So, perhaps the pandemic has shown that the GDPR does contain all the required flexibility and adaptability that it claims to possess- we just need to work on encouraging this flexibility in other areas! However, while we encourage this flexibility, we must also ensure that the aims of the GDPR are not forgotten.
Data Minimisation vs Tech
Despite the flexibility of the GDPR, we are seeing tech companies struggle with some elements of data protection. How can they ensure compliance?
Since the pandemic has called for quick development of new technologies, it is arguable that all of the principles set out in the GDPR are more difficult than usual to comply with, since they require start-ups to build their projects slowly and mindfully. Take for example the data minimisation principle which requires that data is relevant and limited to what is necessary in relation to the purposes it was collected for. Tech start-ups aiming to develop technology to fight the pandemic have not been given the opportunity to explore alternative measures to collecting data and have an uphill battle in order to comply with the requirement of avoiding the excessive collection of data.
So, tech companies looking to develop such apps now have the challenge of following the privacy by design principles at a much faster speed than ever before. To a tech-minded data privacy lawyer, steps towards compliance for these companies cannot be viewed from only a legal perspective. While data privacy experts can make efforts to implement the changes needed from their end once products have been designed, we think that a culture of data privacy must be promoted within tech start-ups developing such technologies.
Therefore, when looking to use tech to track the Coronavirus, we need to take steps towards designing such technologies with data protection at the heart of the process. Privacy compliance cannot be added on to a system at the end of the design process: it must be kept in mind throughout the process. By doing so, we can encourage the public to trust in the process, use the apps and ultimately achieve the aims of the apps.
However, the past few months have shown that there is a lack of trust in the use of personal data. How can we change this?
We think that expecting trust is impossible without first encouraging people to learn about the rights and protections they have under the GDPR.
The GDPR has taken great strides towards protecting our personal data, and it is therefore important that society understands what personal data is and the value it can have. There is a lot of confusion around the development of the track and trace apps which require personal data, and about how the data is collected, used and stored. Most people understandably don’t have time to research the science behind the technology, so grow concerned with the possibilities of how data could be used.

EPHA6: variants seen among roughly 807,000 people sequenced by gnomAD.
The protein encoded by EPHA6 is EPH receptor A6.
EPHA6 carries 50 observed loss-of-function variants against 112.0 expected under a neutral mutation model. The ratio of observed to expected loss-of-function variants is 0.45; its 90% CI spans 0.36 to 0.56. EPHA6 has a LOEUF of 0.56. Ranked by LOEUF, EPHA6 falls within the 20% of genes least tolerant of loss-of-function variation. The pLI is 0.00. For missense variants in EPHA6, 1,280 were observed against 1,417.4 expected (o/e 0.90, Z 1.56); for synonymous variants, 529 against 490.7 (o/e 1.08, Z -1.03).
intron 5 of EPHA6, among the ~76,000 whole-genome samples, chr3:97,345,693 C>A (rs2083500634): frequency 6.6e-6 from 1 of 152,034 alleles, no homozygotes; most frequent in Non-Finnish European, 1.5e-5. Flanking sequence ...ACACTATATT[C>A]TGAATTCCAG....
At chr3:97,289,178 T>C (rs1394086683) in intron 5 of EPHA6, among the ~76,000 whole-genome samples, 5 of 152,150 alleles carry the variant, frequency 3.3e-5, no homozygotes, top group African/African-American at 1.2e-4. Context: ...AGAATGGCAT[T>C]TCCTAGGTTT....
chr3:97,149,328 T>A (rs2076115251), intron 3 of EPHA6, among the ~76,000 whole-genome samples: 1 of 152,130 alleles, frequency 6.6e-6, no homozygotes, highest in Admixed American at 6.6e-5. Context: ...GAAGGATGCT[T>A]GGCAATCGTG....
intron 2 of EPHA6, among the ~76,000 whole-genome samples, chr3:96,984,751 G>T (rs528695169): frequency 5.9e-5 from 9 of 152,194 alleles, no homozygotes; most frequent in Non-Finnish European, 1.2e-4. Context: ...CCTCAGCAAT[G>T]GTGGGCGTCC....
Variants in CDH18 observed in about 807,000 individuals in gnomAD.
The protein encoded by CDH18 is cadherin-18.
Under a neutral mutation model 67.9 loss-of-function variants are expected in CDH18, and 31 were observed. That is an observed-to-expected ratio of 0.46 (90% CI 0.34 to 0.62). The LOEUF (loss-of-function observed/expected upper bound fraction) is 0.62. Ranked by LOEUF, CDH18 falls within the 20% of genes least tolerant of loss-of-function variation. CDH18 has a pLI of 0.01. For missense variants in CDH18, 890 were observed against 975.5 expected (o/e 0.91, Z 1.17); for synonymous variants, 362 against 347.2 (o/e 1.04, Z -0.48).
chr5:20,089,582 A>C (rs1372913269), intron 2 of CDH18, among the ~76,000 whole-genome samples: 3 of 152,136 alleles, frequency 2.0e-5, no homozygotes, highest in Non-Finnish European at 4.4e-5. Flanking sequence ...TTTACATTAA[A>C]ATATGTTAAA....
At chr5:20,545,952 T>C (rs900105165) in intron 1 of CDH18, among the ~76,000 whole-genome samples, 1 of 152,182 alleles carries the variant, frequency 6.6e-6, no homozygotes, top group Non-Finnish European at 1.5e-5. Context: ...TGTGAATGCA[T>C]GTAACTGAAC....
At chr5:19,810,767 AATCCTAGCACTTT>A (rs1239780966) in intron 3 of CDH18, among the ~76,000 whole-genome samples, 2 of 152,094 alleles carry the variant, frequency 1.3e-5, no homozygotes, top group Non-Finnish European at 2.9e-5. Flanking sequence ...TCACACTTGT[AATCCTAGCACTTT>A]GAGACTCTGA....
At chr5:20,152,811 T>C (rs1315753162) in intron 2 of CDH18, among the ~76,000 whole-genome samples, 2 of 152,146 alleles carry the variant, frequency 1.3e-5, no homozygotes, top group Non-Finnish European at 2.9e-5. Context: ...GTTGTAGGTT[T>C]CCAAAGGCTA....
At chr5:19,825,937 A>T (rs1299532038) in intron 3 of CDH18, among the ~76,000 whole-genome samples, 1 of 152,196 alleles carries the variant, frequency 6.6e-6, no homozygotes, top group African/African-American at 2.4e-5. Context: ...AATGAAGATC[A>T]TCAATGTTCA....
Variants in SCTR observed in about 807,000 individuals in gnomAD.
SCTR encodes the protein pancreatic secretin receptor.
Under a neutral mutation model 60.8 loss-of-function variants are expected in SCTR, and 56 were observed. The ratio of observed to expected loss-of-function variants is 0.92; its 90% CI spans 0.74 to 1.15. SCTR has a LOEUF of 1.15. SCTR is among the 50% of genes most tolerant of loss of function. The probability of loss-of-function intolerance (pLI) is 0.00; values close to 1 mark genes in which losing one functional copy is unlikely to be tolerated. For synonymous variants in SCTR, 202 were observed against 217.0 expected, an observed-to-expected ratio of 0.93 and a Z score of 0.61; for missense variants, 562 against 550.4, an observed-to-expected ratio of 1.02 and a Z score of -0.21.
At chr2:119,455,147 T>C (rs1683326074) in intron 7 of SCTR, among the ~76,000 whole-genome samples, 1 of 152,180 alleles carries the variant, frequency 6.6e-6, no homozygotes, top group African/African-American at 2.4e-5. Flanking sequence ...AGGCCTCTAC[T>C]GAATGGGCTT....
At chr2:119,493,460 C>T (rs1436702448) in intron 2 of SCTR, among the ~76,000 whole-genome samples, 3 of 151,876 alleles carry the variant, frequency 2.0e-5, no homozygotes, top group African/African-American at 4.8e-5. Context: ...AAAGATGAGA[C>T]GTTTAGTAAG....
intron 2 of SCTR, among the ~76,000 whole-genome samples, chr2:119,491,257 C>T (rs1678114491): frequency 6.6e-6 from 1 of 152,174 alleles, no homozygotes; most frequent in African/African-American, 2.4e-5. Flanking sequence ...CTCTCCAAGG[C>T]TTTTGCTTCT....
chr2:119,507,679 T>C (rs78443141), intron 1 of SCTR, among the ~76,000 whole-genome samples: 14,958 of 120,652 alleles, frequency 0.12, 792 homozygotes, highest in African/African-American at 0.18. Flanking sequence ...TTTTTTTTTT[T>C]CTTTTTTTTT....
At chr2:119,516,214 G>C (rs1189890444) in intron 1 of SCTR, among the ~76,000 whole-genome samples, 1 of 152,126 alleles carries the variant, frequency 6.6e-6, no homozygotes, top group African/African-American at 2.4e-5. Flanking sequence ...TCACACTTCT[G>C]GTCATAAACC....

Unfortunately, while data protection watchdogs have been tasked with enforcement for any companies failing to follow the rules, the soft approach which they have taken means there is arguably a lack of education for those looking to learn what rights they have under the GDPR. With only internet giants being made an example of, we don’t have much to learn about smaller businesses. Tech minded individuals should therefore encourage society to become data literate so that everyone can understand the ways in which their data might be used. It is important that we demonstrate to society that we have rights under the GDPR, and these rights cannot be given away and must be insisted upon!
It would be great to see some privacy certification schemes stepping up to certify tech companies that have followed this process. As an illustrative example, when thinking about restaurants and food hygiene certificates, we might not fully understand the criteria that kitchens have been judged on but we do all trust that a kitchen which has earned a hygiene certificate can be trusted to serve food. In the same way, perhaps privacy certifications could be used to encourage the public that data will be handled safely, even if some do not fully understand the intricacies of data processing.
We also wonder if tech could be used to encourage data education in a way that is more digestible to people, rather than the current approach of soft regulation from data protection watchdogs who are hesitant to hand out large fines and ultimately miss the mark on providing us with useful education. Every day millions of tweets, tiktoks, youtube posts, facebook posts- the list goes on!- are shared and consumed by the public. Could these contain educational information on how important our personal data is, and what we can do to enforce our rights?
So, the Summit for us demonstrated that tech minded individuals do want to be privacy compliant but have an unusually large battle in achieving this at the moment. However, it is in no way impossible- promoting a culture of data privacy and following the privacy by design process will demonstrate a compliant company and encourage trust. That being said, we cannot expect trust until we first tackle the lack of education around data protection.
A massive thanks to Lily Morrison at Gerrish Legal for assisting our TechGirl, Charlotte Gerrish with this article!
We would love to hear your thoughts on how we can encourage education around data protection and whether this is the right approach to instill public confidence in track and trace apps. Please do let us know your thoughts!